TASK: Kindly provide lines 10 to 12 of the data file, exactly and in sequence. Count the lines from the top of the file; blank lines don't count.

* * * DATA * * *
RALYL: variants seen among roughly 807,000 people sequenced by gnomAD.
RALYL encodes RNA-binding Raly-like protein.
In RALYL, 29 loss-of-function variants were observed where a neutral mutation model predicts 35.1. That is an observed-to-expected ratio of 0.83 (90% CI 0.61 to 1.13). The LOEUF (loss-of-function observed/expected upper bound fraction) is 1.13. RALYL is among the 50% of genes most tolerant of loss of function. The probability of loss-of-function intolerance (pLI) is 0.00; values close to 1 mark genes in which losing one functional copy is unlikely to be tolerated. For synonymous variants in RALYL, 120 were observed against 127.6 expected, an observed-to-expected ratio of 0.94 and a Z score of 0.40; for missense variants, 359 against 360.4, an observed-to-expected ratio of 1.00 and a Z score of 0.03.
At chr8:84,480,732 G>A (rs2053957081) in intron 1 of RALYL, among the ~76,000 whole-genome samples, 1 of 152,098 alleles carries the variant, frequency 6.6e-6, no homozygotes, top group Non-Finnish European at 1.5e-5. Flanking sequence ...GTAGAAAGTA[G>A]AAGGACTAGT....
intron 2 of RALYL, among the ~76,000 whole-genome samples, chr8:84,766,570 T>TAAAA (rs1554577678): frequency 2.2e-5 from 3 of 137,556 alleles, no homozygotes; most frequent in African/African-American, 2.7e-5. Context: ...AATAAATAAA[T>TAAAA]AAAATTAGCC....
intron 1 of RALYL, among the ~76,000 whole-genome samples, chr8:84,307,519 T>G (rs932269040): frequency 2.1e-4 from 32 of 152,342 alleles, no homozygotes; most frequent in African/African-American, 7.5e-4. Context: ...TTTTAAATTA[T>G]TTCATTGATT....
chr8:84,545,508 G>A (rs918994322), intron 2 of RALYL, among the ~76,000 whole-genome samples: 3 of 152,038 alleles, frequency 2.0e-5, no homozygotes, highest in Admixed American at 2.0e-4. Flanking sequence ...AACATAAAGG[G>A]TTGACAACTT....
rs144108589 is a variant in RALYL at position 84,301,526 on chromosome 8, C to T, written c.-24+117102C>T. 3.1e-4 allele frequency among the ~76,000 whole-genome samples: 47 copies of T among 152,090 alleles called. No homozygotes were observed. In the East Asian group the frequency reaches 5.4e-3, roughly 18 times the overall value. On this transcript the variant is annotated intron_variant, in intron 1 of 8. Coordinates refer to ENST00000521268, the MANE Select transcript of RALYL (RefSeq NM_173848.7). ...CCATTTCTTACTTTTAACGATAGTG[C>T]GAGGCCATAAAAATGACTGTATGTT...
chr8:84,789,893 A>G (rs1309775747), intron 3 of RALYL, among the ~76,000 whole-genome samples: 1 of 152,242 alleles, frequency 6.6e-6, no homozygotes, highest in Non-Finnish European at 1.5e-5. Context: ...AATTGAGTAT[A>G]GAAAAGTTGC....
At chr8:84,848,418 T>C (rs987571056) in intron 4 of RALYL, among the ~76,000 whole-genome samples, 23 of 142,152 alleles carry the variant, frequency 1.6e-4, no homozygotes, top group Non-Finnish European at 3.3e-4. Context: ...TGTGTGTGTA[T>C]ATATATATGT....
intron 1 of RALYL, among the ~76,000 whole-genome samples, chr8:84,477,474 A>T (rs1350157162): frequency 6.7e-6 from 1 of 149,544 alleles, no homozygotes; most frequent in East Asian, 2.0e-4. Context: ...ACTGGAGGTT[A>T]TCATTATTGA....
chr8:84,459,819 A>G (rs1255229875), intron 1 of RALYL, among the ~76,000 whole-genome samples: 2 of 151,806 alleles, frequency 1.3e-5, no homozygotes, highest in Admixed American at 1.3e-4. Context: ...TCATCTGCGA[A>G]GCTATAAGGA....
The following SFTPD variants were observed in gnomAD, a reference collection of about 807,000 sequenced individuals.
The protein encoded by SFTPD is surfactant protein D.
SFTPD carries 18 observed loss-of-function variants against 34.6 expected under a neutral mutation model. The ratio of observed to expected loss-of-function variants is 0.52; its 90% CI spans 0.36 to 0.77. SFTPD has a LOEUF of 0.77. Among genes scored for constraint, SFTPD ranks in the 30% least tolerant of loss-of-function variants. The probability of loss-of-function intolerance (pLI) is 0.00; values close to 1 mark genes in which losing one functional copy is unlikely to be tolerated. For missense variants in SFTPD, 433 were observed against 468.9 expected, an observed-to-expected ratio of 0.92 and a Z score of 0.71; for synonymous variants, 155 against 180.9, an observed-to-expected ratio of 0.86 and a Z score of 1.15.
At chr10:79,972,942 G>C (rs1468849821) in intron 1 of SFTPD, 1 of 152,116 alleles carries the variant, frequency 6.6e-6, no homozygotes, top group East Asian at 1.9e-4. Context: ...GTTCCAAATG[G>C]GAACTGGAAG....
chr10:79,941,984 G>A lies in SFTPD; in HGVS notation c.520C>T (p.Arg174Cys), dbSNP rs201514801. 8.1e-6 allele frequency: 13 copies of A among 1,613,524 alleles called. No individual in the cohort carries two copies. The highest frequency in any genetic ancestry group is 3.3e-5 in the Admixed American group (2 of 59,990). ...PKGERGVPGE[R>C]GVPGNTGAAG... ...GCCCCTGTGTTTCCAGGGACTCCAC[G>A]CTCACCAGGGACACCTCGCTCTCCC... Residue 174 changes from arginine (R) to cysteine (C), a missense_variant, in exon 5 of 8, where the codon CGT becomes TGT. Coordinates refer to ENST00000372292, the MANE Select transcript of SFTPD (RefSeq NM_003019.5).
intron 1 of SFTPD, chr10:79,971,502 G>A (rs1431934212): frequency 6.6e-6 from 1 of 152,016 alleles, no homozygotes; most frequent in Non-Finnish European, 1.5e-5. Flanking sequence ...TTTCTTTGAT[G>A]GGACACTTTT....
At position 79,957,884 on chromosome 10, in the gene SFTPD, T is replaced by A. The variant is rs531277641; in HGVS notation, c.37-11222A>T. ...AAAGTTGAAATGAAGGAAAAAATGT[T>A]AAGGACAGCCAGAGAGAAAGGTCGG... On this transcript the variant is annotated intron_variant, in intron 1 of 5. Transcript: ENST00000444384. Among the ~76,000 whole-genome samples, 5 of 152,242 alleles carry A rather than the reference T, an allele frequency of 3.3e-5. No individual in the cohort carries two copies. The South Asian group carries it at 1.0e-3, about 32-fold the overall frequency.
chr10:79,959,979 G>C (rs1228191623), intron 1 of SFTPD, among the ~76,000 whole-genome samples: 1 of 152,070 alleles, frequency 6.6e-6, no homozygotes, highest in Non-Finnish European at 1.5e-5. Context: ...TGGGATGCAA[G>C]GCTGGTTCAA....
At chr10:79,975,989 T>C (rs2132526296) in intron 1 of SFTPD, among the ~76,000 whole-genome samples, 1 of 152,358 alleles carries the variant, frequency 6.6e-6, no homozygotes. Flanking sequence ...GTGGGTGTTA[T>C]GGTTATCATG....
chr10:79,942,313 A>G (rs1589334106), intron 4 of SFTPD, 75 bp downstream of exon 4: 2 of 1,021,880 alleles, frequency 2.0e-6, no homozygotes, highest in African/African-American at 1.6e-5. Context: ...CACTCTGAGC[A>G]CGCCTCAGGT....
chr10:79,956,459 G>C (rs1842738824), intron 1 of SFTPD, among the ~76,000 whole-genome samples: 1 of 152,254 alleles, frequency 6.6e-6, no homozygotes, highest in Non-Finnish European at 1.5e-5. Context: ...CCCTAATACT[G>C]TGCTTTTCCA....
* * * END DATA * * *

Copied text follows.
At chr8:84,848,418 T>C (rs987571056) in intron 4 of RALYL, among the ~76,000 whole-genome samples, 23 of 142,152 alleles carry the variant, frequency 1.6e-4, no homozygotes, top group Non-Finnish European at 3.3e-4. Context: ...TGTGTGTGTA[T>C]ATATATATGT....
intron 1 of RALYL, among the ~76,000 whole-genome samples, chr8:84,477,474 A>T (rs1350157162): frequency 6.7e-6 from 1 of 149,544 alleles, no homozygotes; most frequent in East Asian, 2.0e-4. Context: ...ACTGGAGGTT[A>T]TCATTATTGA....
chr8:84,459,819 A>G (rs1255229875), intron 1 of RALYL, among the ~76,000 whole-genome samples: 2 of 151,806 alleles, frequency 1.3e-5, no homozygotes, highest in Admixed American at 1.3e-4. Context: ...TCATCTGCGA[A>G]GCTATAAGGA....